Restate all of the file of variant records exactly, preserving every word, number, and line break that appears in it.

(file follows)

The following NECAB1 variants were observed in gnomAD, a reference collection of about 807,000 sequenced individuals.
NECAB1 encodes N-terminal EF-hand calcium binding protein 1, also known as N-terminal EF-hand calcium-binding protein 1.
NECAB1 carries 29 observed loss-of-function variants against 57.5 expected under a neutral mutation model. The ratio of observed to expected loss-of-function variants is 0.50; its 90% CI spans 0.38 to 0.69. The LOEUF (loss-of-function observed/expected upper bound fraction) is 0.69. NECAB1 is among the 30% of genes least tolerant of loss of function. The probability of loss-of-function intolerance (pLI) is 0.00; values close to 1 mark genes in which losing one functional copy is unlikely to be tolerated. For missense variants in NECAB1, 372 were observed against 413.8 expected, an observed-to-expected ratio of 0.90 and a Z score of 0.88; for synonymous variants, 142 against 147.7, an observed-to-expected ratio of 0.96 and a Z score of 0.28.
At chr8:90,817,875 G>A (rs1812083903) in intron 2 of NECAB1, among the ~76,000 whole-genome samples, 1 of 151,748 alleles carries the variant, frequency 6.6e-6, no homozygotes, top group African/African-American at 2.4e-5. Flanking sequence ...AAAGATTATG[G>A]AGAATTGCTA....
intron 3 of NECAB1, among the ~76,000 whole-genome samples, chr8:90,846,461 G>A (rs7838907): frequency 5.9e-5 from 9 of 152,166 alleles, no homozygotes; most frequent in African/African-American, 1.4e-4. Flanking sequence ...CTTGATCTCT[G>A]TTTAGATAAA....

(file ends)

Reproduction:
The following NECAB1 variants were observed in gnomAD, a reference collection of about 807,000 sequenced individuals.
NECAB1 encodes N-terminal EF-hand calcium binding protein 1, also known as N-terminal EF-hand calcium-binding protein 1.
NECAB1 carries 29 observed loss-of-function variants against 57.5 expected under a neutral mutation model. The ratio of observed to expected loss-of-function variants is 0.50; its 90% CI spans 0.38 to 0.69. The LOEUF (loss-of-function observed/expected upper bound fraction) is 0.69. NECAB1 is among the 30% of genes least tolerant of loss of function. The probability of loss-of-function intolerance (pLI) is 0.00; values close to 1 mark genes in which losing one functional copy is unlikely to be tolerated. For missense variants in NECAB1, 372 were observed against 413.8 expected, an observed-to-expected ratio of 0.90 and a Z score of 0.88; for synonymous variants, 142 against 147.7, an observed-to-expected ratio of 0.96 and a Z score of 0.28.
At chr8:90,817,875 G>A (rs1812083903) in intron 2 of NECAB1, among the ~76,000 whole-genome samples, 1 of 151,748 alleles carries the variant, frequency 6.6e-6, no homozygotes, top group African/African-American at 2.4e-5. Flanking sequence ...AAAGATTATG[G>A]AGAATTGCTA....
intron 3 of NECAB1, among the ~76,000 whole-genome samples, chr8:90,846,461 G>A (rs7838907): frequency 5.9e-5 from 9 of 152,166 alleles, no homozygotes; most frequent in African/African-American, 1.4e-4. Flanking sequence ...CTTGATCTCT[G>A]TTTAGATAAA....